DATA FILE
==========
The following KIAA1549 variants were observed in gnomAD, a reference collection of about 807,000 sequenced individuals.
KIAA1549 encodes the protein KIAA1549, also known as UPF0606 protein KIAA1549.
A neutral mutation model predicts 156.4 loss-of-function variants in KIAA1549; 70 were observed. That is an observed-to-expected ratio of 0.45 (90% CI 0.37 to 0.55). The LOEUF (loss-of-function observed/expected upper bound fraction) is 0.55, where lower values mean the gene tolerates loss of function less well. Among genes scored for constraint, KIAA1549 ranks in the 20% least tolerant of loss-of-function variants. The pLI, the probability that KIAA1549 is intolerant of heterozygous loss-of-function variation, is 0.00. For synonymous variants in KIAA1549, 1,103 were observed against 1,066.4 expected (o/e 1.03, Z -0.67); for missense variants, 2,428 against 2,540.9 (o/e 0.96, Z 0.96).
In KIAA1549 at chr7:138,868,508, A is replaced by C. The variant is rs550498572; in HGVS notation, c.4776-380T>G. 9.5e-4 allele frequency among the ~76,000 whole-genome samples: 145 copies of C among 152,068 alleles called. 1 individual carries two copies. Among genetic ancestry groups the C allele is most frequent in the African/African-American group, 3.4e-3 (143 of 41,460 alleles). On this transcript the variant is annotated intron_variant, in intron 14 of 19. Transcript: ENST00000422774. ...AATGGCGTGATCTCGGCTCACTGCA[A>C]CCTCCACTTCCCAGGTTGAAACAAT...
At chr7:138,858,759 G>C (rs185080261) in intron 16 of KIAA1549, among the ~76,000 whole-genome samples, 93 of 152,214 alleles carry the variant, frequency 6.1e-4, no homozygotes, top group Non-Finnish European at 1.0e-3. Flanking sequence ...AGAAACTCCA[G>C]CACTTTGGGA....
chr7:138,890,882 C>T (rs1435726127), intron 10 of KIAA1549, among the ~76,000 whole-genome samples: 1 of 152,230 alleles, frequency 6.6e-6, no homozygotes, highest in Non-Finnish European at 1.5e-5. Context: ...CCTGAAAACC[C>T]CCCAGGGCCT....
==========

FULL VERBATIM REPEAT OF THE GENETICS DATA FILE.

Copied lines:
The following KIAA1549 variants were observed in gnomAD, a reference collection of about 807,000 sequenced individuals.
KIAA1549 encodes the protein KIAA1549, also known as UPF0606 protein KIAA1549.
A neutral mutation model predicts 156.4 loss-of-function variants in KIAA1549; 70 were observed. That is an observed-to-expected ratio of 0.45 (90% CI 0.37 to 0.55). The LOEUF (loss-of-function observed/expected upper bound fraction) is 0.55, where lower values mean the gene tolerates loss of function less well. Among genes scored for constraint, KIAA1549 ranks in the 20% least tolerant of loss-of-function variants. The pLI, the probability that KIAA1549 is intolerant of heterozygous loss-of-function variation, is 0.00. For synonymous variants in KIAA1549, 1,103 were observed against 1,066.4 expected (o/e 1.03, Z -0.67); for missense variants, 2,428 against 2,540.9 (o/e 0.96, Z 0.96).
In KIAA1549 at chr7:138,868,508, A is replaced by C. The variant is rs550498572; in HGVS notation, c.4776-380T>G. 9.5e-4 allele frequency among the ~76,000 whole-genome samples: 145 copies of C among 152,068 alleles called. 1 individual carries two copies. Among genetic ancestry groups the C allele is most frequent in the African/African-American group, 3.4e-3 (143 of 41,460 alleles). On this transcript the variant is annotated intron_variant, in intron 14 of 19. Transcript: ENST00000422774. ...AATGGCGTGATCTCGGCTCACTGCA[A>C]CCTCCACTTCCCAGGTTGAAACAAT...
At chr7:138,858,759 G>C (rs185080261) in intron 16 of KIAA1549, among the ~76,000 whole-genome samples, 93 of 152,214 alleles carry the variant, frequency 6.1e-4, no homozygotes, top group Non-Finnish European at 1.0e-3. Flanking sequence ...AGAAACTCCA[G>C]CACTTTGGGA....
chr7:138,890,882 C>T (rs1435726127), intron 10 of KIAA1549, among the ~76,000 whole-genome samples: 1 of 152,230 alleles, frequency 6.6e-6, no homozygotes, highest in Non-Finnish European at 1.5e-5. Context: ...CCTGAAAACC[C>T]CCCAGGGCCT....